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Re: PERSIST: Made default

From: Jeffrey Mogul <mogul@pa.dec.com>
Date: Fri, 24 May 96 12:07:43 MDT
Message-Id: <9605241907.AA25782@acetes.pa.dec.com>
To: "frystyk@w3.org" <frystyk@w3.org>
Cc: "http-wg%cuckoo.hpl.hp.com@hplb.hpl.hp.com" <http-wg%cuckoo.hpl.hp.com@hplb.hpl.hp.com>, "jg@w3.org" <jg@w3.org>, mogul@pa.dec.com
Thanks for doing that; I have just a few comments:

(1) The word "pipeline" is an accepted word in English, and therefore
should not be hyphenated.  Please replace "pipe-line" with "pipeline",
including all inflections.  (A global replace of "ipe-lin" with "ipelin"
should do the trick.)

(2)
    + An HTTP/1.1 server MAY assume that a HTTP/1.1 client maintains a
    + persistent connection unless a Connection header including the
    + connection-token "Close" was sent in the request. If the server
    + chooses to close the connection, it SHOULD send a Connection header
    + including the connection-token "Close".

I would change this to make it clearer that a server or client is always
allowed to close a connection between requests:

    + An HTTP/1.1 server MAY assume that a HTTP/1.1 client intends
    to maintain a
    + persistent connection unless a Connection header including the
    + connection-token "Close" was sent in the request. If the server
    + chooses to close the connection
    immediately after sending the response, 
    it SHOULD send a Connection header
    + including the connection-token "Close".

(3)    
    17.2.3 Delimiting Entity-Bodies
    When using persistent connections, both the client and the server MUST
    mark the exact endings of transmitted entity-bodies using one of the
    following three techniques:
    
Actually, there's a fourth technique (albeit still the subject of
some controversy) if the Content-Range section (18.18) is to be
believed:

      1. Send a Content-length field in the header with the exact number of
	 bytes in the entity-body.
      2. Send the message using chunked Transfer Coding as described in
	 section 7.6. Chunked Transfer Coding allows the server to transmit
	 the data to the client a piece at a time while still communicating
	 an exact ending of the entity-body.

+     3. Send the message using the the MIME multipart/byteranges
+	Content-type, which is self-delimiting.  This Content-type
+	MUST NOT be used unless the sender knows that the recipient
+	can parse it; the presence in a request of a Range header
+	with multiple byte-range specifiers implies that the client
+	can parse multipart/byteranges responses.

-     3. Close the transport connection after the entity body.
+     4. Close the transport connection after the entity body.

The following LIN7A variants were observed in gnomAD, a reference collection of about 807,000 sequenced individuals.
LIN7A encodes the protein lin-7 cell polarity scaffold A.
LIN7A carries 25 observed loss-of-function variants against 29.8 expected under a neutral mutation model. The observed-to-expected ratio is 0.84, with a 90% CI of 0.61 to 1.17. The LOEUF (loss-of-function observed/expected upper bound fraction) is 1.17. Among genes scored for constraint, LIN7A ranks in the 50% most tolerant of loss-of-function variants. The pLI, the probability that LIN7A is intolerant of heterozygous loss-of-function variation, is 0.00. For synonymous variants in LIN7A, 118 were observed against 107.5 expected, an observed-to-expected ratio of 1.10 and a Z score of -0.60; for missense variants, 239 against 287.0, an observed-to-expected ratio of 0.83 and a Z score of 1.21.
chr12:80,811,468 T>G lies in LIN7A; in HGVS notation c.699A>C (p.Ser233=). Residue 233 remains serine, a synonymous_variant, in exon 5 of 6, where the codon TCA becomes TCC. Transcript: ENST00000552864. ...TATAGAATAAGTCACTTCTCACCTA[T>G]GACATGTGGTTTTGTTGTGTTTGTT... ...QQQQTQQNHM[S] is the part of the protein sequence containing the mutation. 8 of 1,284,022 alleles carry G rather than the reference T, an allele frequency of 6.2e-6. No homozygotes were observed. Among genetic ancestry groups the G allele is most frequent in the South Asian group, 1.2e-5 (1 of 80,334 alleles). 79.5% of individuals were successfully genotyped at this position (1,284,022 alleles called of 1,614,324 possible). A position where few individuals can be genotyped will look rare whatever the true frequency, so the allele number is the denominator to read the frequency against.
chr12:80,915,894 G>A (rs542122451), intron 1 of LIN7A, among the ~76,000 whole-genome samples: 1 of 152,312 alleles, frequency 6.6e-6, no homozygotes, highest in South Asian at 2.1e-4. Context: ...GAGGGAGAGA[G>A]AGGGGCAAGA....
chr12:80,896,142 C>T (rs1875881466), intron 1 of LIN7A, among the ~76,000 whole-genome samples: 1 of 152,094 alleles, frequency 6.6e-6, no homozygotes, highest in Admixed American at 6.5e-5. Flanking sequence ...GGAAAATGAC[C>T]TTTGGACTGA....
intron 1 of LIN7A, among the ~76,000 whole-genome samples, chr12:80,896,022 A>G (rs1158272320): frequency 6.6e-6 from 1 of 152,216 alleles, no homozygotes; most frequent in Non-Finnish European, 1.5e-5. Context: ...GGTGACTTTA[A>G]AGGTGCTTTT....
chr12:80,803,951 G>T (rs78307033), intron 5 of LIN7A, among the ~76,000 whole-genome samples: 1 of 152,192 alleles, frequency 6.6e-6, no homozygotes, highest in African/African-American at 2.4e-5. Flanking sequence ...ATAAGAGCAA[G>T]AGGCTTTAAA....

+ Sending the Content-length is the preferred technique. Chunked
    + encoding SHOULD be used when the size of the entity-body is not known
    + before beginning to transmit the entity-body. Finally, if neither 1
    + or 2 are possible then the connection SHOULD be closed. Note that the
    + last method does not work if the entity-body is part of a request.

should be "none of 1, 2, or 3 is possible"

By the way, I checked with Netscape yesterday and was informed that
they already implement and successfully use multipart/byteranges to
return multi-range responses over persistent connections.

(4)
    - 18.33 Persist

Just a note: I'm not opposed to deleting the Persist header, but this
removes the possibility of associating parameters with the persistent
connection mechanism, and some people have suggested that such parameters
are useful.

(5)
    + Some clients and servers may wish to be compatible with some previous
    + implementations of persistent connections in HTTP/1.0 clients and
    + servers. Persistent connections in HTTP/1.0 must be explicitly
    + negotiated as they are not the default behavior. HTTP/1.0
    + implementations are faulty, and the new facilities in HTTP/1.1 are
    + designed to rectify these problems.  The fear was that some existing
    + 1.0 clients may be sending Keep-Alive to a proxy server that doesn't
    + understand Connection, which would then erroneously forward
    
I think "HTTP/1.0 implementations are faulty" isn't quite what was
meant here in the original language.  Try "HTTP/1.0 experimental
implementations of peristent connections are faulty".

Also, Dan DuBois informs me that this is not simply a "fear", but
actually occurs in practice.  So the last sentence should start:

    The problem was that 1.0 clients that send Keep-Alive could send it
    to a proxy server that doesn't understand Connection, which would
    then erroneously forward

-Jeff
Received on Friday, 24 May 1996 12:15:50 EDT

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